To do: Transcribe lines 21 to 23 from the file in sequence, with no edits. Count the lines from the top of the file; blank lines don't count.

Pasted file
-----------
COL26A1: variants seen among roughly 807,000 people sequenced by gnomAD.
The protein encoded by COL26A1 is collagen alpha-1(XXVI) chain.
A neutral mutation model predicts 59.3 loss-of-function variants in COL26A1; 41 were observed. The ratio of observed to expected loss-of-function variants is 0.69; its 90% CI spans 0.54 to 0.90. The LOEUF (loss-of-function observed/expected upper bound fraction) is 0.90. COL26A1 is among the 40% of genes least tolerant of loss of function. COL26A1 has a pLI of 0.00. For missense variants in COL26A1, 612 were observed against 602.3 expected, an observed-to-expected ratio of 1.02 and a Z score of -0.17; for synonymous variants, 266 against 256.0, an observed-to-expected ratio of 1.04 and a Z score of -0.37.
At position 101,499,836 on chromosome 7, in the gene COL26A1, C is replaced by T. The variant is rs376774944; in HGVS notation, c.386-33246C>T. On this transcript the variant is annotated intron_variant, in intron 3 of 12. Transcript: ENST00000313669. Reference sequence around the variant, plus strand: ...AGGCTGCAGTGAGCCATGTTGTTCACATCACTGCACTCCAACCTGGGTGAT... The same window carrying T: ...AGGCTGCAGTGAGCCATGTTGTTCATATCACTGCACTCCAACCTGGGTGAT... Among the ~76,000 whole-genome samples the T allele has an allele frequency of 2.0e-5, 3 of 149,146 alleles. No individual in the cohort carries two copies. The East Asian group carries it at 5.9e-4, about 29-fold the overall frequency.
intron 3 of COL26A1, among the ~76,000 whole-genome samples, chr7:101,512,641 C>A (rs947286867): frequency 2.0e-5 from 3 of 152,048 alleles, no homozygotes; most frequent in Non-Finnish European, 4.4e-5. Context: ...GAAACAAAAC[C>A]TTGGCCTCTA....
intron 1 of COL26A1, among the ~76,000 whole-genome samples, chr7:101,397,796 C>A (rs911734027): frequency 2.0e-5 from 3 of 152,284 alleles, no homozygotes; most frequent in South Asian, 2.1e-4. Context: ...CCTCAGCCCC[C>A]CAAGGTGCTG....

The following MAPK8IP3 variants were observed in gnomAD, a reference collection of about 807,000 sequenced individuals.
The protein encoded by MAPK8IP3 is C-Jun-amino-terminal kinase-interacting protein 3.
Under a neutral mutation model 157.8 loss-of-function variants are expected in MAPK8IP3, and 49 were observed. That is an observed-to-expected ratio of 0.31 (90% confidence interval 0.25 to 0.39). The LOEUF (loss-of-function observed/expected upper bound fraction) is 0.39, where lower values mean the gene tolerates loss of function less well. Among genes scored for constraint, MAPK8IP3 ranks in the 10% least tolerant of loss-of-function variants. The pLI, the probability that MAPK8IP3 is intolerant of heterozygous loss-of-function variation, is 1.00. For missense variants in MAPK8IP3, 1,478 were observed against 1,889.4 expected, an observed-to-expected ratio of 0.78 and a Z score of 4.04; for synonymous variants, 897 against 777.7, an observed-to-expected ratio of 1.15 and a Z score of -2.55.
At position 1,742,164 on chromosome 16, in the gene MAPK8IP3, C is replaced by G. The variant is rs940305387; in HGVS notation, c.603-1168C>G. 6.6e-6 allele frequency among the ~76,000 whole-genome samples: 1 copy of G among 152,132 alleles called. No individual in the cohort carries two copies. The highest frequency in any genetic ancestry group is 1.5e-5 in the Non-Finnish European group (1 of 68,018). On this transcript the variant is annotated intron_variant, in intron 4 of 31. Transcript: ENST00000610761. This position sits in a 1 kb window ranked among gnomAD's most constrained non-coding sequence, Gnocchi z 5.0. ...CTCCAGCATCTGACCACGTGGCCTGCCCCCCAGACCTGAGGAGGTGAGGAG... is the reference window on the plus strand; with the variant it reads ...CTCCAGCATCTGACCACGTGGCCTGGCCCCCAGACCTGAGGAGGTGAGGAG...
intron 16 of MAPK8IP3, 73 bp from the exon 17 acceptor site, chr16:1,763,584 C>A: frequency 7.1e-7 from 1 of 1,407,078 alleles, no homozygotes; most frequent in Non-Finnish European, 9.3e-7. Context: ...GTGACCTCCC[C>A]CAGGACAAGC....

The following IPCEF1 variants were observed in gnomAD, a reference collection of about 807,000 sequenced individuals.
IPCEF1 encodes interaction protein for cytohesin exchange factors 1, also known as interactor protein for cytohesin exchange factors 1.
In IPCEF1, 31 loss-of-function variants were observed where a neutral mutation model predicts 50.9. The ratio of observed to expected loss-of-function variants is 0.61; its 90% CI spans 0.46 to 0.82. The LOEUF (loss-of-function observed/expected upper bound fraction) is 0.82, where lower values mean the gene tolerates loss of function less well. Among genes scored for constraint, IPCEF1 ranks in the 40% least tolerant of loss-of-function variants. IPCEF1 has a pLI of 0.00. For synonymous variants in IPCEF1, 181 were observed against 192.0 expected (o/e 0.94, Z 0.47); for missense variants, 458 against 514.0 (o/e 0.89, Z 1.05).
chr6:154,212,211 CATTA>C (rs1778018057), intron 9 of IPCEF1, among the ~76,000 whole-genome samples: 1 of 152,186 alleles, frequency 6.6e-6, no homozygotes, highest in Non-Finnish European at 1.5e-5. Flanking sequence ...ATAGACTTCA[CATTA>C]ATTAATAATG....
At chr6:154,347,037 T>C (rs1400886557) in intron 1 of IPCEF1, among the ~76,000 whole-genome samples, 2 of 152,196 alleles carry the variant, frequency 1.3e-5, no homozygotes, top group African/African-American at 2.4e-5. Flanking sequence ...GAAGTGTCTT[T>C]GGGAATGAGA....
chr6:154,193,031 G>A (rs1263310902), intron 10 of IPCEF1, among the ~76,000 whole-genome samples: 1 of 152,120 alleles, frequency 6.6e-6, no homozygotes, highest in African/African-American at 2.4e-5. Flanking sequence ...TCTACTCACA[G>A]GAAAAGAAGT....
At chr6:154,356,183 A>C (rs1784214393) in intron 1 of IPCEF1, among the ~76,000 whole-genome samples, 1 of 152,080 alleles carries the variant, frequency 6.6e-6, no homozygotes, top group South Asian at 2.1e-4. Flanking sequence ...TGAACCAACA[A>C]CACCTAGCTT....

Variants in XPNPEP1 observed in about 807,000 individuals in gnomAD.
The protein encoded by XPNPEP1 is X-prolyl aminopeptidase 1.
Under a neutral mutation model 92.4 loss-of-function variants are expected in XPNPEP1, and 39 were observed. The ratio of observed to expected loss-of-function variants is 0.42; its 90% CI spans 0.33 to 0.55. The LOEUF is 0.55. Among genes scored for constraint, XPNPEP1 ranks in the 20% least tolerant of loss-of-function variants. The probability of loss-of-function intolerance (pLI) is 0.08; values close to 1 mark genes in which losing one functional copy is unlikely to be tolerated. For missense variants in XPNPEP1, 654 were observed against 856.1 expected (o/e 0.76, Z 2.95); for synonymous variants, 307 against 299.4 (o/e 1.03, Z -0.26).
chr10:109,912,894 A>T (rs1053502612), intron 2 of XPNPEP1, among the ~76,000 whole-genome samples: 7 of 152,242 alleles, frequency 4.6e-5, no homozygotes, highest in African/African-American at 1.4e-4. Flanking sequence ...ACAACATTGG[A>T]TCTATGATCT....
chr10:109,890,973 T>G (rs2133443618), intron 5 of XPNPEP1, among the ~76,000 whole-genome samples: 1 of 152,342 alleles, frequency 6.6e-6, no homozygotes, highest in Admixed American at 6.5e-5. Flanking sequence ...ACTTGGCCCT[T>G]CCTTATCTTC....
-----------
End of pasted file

Under a neutral mutation model 92.4 loss-of-function variants are expected in XPNPEP1, and 39 were observed. The ratio of observed to expected loss-of-function variants is 0.42; its 90% CI spans 0.33 to 0.55. The LOEUF is 0.55. Among genes scored for constraint, XPNPEP1 ranks in the 20% least tolerant of loss-of-function variants. The probability of loss-of-function intolerance (pLI) is 0.08; values close to 1 mark genes in which losing one functional copy is unlikely to be tolerated. For missense variants in XPNPEP1, 654 were observed against 856.1 expected (o/e 0.76, Z 2.95); for synonymous variants, 307 against 299.4 (o/e 1.03, Z -0.26).
chr10:109,912,894 A>T (rs1053502612), intron 2 of XPNPEP1, among the ~76,000 whole-genome samples: 7 of 152,242 alleles, frequency 4.6e-5, no homozygotes, highest in African/African-American at 1.4e-4. Flanking sequence ...ACAACATTGG[A>T]TCTATGATCT....
chr10:109,890,973 T>G (rs2133443618), intron 5 of XPNPEP1, among the ~76,000 whole-genome samples: 1 of 152,342 alleles, frequency 6.6e-6, no homozygotes, highest in Admixed American at 6.5e-5. Flanking sequence ...ACTTGGCCCT[T>G]CCTTATCTTC....